* Consider what parents on a heroic journey might describe as their “one forbidden thing”, what do you imagine they would say?
In addition to the transgressions we do to ourselves, my friend, Elizabeth, pointed out another kind of necessary transgression: the one that is done against us—or for us. Snow White was not forewarned to not take a bite out of the apple; the apple was not a known forbidden thing. The queen in disguise had knowledge of the poisoned apple and intention commit a transgression against Snow White. With one bite of the apple, Snow White falls into a deep sleep, an “interruption in time.”1
This theme is found in birth in our culture stories. When “those in the know” about side effects, cascading, other treatments, and so on but fail to give more than a thimbleful of knowledge to a trusting, unknowing mother-obstetric patient and the patient consents, taking a “bite out of the apple.” It maybe an unintentional transgression, perhaps with a positive intention of protecting the patient, however if it wounds the storyteller physically and psychologically, her story may become “frozen in time.” In postpartum shock and depression, women are untouchable, encased in a symbolic glass coffin during an indefinite incubation.
During the postpartum Return, withdrawal, lethargy, and depression can be reframed and utilized as a time for reflection. Finally, the unconscious does much integrative work (while the storyteller is unaware, “asleep in the glass coffin”). Soul-searching work requires so much energy; none is left for storytelling or taking action.3 The time will come for a conscious transformative transition.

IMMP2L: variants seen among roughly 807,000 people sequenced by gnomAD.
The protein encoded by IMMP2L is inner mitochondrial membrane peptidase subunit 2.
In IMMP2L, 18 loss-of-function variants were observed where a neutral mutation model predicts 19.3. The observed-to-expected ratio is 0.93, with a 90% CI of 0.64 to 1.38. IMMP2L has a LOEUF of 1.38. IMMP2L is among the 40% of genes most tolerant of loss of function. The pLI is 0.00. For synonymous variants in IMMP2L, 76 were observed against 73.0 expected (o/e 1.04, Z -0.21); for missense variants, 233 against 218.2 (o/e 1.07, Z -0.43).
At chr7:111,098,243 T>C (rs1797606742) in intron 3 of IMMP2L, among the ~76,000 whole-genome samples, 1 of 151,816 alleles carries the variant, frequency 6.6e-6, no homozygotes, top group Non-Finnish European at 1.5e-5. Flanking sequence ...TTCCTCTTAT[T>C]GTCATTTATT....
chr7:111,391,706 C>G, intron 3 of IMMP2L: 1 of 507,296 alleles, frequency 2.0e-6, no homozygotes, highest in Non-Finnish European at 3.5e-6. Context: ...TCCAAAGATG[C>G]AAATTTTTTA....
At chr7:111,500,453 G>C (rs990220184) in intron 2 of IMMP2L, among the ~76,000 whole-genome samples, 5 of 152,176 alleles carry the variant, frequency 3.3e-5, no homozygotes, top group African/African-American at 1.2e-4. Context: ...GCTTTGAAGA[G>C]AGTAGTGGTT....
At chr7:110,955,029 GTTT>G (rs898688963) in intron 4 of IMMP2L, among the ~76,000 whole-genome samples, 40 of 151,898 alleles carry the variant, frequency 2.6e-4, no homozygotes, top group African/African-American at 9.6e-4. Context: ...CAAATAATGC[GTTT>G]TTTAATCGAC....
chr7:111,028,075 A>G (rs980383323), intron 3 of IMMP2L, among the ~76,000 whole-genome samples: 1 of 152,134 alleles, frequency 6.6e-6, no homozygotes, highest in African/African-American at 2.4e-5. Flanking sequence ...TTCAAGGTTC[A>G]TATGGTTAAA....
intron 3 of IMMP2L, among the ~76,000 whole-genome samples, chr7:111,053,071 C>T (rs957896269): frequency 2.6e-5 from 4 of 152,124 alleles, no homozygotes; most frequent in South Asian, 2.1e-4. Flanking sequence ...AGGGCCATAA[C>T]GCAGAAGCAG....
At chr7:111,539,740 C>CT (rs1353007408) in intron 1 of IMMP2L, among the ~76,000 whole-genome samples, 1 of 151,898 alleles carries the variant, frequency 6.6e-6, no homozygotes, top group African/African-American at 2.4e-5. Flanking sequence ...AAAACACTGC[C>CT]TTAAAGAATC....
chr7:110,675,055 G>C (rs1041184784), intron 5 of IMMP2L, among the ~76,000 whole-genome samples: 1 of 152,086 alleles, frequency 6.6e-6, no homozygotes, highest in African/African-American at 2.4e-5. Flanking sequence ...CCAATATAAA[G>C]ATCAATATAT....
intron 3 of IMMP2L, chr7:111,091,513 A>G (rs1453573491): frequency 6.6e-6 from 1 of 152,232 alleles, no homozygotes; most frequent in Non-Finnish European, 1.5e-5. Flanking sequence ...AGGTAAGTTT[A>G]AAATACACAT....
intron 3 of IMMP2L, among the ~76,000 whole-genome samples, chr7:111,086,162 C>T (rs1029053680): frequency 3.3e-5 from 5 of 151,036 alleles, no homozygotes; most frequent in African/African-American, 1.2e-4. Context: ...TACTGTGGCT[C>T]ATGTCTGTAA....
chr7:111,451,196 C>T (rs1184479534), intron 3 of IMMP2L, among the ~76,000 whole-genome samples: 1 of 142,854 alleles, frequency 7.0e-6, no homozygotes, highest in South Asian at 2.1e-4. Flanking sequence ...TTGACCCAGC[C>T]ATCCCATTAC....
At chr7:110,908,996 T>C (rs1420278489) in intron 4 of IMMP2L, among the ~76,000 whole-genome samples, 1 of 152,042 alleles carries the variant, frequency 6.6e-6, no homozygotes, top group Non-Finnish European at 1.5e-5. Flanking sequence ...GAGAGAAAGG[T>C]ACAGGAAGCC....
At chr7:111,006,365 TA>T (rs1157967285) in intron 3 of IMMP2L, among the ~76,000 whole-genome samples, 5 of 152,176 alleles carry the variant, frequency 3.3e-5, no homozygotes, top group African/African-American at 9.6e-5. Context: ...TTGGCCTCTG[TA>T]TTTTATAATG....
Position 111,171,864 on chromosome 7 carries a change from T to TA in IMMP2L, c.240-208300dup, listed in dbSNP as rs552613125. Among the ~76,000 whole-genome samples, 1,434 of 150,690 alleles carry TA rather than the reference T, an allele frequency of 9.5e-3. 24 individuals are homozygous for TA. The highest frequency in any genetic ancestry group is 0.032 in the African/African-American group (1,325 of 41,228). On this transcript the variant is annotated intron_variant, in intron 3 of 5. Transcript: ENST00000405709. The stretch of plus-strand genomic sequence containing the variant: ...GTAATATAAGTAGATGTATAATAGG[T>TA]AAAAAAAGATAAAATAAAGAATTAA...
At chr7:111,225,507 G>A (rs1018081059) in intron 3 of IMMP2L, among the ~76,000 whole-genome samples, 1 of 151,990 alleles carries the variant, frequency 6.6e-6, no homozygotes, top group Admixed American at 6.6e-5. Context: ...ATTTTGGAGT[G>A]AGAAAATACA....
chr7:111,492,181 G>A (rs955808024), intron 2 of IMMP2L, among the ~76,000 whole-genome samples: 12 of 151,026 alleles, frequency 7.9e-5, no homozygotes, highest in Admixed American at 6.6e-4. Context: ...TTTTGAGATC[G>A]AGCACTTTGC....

In her thought-provoking article (see below), Maria Casado Villanuera observes that to break the spell in certain forbidden rooms and issues—the intrusion of another voice or character is necessary. In fairytales it is often Love in the character of a prince or the act of a kiss. It comes through transgressions. And in birth story transformation work, it might be an attuned birth story mentor or Magician.
An afterthought: Our watching and wise inner Gatekeeper does not goad us to do the one forbidden thing or thrust us across thresholds or into forbidden rooms. Instead, self-love (not necessarily the rational mind) waits until our Love Warrior is active and on duty to speak and act on our behalf. The alternative is to mindlessly abandon your inner-Child, sending this part of you to rush in where angels fear to tread. The tasks of the heroic journey, childbirth, negotiating the hospital culture, and making decisions are meant to be taken up by an Adult, ideally one who is in their Love Warrior and prepared to meet this ordeal or “battle.”
Maria Casado Villanuera (Spring 2017). “A reluctant and awakening transgression and the Sleeping Beauty motif in D.H. Lawrence: ‘The Thimble.’” https://journals.openedition.org/jsse/1843
2. John Bucher (Sept. 2020). One Forbidden Thing. https://www.jcf.org/one-forbidden-thing/
3. Maria Casado Villanuera.
*Gratitude to Elizabeth Christine for insights that developed this blog.
All rights reserved. Copyright Pam England/Birth Story Medicine Aug 2022. No reproduction without written permission.